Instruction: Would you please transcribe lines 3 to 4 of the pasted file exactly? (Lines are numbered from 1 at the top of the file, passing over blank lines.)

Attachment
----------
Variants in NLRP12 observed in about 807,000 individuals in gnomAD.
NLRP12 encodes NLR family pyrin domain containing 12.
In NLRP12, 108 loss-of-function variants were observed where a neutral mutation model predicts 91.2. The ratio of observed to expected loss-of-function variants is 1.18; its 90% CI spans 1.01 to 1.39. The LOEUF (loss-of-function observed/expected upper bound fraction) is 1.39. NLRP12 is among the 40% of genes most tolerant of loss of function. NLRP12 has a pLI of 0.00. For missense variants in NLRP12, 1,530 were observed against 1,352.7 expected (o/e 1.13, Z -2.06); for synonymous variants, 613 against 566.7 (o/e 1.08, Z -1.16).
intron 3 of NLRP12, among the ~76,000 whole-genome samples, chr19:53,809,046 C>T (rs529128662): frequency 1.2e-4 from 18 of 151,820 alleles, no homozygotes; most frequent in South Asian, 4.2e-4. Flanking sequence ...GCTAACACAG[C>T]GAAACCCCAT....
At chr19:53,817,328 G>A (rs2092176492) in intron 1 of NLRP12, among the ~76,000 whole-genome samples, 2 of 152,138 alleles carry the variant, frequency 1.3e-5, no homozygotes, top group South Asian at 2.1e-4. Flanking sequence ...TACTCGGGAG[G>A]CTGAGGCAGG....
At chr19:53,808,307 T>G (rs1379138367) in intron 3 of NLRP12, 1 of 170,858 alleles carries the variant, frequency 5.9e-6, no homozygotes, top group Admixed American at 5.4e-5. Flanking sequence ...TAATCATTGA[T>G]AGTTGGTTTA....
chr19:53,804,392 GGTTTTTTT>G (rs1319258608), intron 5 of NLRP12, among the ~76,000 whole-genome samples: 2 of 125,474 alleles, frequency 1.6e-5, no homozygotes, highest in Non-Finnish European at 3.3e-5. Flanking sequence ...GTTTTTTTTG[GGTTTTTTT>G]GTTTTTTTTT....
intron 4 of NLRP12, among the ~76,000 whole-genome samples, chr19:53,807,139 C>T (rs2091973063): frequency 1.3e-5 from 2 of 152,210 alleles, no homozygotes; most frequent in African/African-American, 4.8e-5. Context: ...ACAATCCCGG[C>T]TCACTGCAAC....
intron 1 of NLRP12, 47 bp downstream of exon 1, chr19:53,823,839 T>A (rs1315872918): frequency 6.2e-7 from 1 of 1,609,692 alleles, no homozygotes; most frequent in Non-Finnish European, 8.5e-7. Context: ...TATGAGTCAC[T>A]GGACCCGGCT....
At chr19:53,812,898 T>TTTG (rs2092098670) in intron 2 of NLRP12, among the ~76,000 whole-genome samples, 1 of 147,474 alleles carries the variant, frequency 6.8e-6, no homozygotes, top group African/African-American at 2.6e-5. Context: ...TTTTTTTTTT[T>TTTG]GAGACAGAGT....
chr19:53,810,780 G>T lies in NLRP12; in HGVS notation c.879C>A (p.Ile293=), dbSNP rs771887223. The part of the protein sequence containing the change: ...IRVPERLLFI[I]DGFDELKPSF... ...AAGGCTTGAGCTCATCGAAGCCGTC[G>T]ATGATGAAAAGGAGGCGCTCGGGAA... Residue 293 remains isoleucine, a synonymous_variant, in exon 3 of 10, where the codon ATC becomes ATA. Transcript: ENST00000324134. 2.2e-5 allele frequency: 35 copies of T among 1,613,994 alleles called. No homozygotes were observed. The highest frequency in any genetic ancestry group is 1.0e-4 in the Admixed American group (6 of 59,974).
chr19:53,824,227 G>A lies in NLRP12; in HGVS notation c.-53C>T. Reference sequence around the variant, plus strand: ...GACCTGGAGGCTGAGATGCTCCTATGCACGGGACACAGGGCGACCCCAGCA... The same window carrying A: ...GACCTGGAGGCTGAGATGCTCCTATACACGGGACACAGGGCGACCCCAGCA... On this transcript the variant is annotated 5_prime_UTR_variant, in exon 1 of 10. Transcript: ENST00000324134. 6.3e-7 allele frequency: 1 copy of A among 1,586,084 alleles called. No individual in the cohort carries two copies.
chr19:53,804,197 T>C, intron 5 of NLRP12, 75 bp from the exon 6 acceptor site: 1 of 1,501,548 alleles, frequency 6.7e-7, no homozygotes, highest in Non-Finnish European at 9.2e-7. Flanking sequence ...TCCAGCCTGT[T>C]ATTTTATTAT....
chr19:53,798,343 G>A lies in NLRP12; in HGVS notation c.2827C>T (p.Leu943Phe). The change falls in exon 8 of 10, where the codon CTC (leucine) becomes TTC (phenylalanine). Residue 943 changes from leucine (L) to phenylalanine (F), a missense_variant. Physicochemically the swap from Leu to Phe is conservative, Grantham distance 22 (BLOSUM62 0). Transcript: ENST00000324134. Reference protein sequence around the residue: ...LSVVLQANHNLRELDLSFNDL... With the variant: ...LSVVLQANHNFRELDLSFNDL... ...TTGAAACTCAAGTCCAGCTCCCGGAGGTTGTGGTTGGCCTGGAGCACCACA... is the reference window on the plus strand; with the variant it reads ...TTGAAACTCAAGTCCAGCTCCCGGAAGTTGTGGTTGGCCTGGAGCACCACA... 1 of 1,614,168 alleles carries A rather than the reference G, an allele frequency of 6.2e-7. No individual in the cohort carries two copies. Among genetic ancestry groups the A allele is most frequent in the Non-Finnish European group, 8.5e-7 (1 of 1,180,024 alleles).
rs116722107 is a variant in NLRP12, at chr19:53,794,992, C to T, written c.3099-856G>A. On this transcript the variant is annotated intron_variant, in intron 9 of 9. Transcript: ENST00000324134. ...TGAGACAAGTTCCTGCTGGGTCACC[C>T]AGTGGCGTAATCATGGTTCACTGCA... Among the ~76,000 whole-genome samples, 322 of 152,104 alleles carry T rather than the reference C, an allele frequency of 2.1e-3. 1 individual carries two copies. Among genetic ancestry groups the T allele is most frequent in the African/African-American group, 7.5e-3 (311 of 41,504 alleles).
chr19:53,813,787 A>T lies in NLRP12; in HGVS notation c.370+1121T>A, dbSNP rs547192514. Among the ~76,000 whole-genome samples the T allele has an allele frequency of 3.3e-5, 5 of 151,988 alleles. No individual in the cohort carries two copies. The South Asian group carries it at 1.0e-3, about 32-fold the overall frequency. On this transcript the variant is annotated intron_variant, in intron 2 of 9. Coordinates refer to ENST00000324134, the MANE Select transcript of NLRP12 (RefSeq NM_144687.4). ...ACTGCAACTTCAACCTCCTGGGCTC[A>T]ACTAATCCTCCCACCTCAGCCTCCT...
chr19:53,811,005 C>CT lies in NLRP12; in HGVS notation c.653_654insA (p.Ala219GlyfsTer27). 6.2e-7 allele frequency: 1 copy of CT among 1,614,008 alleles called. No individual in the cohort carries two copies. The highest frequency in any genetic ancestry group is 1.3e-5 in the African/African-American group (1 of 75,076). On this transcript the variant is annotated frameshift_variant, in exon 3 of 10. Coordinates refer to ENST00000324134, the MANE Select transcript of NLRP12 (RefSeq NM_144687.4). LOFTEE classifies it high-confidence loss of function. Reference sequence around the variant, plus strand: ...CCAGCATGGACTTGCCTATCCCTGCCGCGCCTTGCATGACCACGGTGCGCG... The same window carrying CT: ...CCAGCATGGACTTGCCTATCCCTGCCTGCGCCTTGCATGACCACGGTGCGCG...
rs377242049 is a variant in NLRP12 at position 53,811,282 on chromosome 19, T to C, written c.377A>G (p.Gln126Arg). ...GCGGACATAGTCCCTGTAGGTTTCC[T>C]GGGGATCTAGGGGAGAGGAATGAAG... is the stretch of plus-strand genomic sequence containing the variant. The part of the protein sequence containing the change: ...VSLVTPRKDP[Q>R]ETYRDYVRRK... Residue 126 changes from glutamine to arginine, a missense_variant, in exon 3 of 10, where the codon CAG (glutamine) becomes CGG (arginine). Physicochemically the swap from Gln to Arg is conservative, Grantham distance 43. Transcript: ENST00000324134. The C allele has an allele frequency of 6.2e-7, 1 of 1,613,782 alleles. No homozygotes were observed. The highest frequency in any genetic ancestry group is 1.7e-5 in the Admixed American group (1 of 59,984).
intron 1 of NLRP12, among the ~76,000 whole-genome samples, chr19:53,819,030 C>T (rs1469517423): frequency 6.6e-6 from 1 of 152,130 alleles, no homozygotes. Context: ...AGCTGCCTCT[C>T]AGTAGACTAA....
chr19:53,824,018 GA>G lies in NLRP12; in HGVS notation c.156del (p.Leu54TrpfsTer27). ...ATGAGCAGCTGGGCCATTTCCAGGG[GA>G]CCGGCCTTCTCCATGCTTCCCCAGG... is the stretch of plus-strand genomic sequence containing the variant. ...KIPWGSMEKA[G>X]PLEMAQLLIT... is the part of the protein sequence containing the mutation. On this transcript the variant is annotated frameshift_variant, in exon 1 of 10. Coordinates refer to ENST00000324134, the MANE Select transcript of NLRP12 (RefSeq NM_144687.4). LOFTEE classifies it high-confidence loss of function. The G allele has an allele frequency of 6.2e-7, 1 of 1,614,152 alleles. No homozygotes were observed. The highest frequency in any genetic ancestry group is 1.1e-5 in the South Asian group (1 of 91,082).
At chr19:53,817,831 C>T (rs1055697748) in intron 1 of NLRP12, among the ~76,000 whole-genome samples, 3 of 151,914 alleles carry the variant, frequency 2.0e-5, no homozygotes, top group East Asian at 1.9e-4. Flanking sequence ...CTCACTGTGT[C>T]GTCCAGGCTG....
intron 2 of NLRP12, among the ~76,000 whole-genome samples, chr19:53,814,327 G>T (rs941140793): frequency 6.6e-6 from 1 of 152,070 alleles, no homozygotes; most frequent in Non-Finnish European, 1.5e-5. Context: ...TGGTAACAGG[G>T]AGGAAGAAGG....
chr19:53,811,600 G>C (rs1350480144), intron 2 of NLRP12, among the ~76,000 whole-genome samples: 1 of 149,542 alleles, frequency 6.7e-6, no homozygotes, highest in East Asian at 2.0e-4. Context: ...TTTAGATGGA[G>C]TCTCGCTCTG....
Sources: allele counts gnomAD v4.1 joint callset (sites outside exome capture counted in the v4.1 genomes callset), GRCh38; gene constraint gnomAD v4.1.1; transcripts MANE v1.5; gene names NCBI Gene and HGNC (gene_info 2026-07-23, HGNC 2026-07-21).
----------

In NLRP12, 108 loss-of-function variants were observed where a neutral mutation model predicts 91.2. The ratio of observed to expected loss-of-function variants is 1.18; its 90% CI spans 1.01 to 1.39. The LOEUF (loss-of-function observed/expected upper bound fraction) is 1.39. NLRP12 is among the 40% of genes most tolerant of loss of function. NLRP12 has a pLI of 0.00. For missense variants in NLRP12, 1,530 were observed against 1,352.7 expected (o/e 1.13, Z -2.06); for synonymous variants, 613 against 566.7 (o/e 1.08, Z -1.16).
intron 3 of NLRP12, among the ~76,000 whole-genome samples, chr19:53,809,046 C>T (rs529128662): frequency 1.2e-4 from 18 of 151,820 alleles, no homozygotes; most frequent in South Asian, 4.2e-4. Flanking sequence ...GCTAACACAG[C>T]GAAACCCCAT....